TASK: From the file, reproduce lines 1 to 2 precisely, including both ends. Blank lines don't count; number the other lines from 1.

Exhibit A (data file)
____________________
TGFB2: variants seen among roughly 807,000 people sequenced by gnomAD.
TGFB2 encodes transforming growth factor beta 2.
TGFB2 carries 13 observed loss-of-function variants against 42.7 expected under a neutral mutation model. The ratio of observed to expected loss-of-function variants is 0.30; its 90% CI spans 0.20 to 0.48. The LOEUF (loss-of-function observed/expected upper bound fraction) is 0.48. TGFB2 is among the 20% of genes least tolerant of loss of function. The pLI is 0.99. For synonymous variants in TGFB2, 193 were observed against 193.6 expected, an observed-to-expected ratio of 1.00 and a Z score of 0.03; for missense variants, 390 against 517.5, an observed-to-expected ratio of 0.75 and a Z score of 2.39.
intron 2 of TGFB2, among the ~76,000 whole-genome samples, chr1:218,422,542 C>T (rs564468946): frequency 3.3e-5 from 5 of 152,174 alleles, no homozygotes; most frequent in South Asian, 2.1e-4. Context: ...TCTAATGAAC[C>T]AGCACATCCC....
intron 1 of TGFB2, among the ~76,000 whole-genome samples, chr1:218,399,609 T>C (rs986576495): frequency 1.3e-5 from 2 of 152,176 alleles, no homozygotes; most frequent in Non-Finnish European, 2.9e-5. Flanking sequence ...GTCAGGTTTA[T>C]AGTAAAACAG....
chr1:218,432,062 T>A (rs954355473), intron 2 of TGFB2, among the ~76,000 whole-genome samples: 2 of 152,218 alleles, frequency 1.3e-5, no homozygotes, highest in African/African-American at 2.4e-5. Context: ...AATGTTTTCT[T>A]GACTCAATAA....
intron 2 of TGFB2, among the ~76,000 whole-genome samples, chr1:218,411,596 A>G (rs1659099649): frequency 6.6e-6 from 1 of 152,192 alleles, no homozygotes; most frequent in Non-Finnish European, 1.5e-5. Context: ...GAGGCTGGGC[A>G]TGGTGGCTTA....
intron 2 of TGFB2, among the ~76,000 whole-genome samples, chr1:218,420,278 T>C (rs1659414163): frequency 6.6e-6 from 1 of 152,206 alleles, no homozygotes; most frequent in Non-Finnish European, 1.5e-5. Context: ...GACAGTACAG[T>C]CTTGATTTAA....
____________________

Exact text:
TGFB2: variants seen among roughly 807,000 people sequenced by gnomAD.
TGFB2 encodes transforming growth factor beta 2.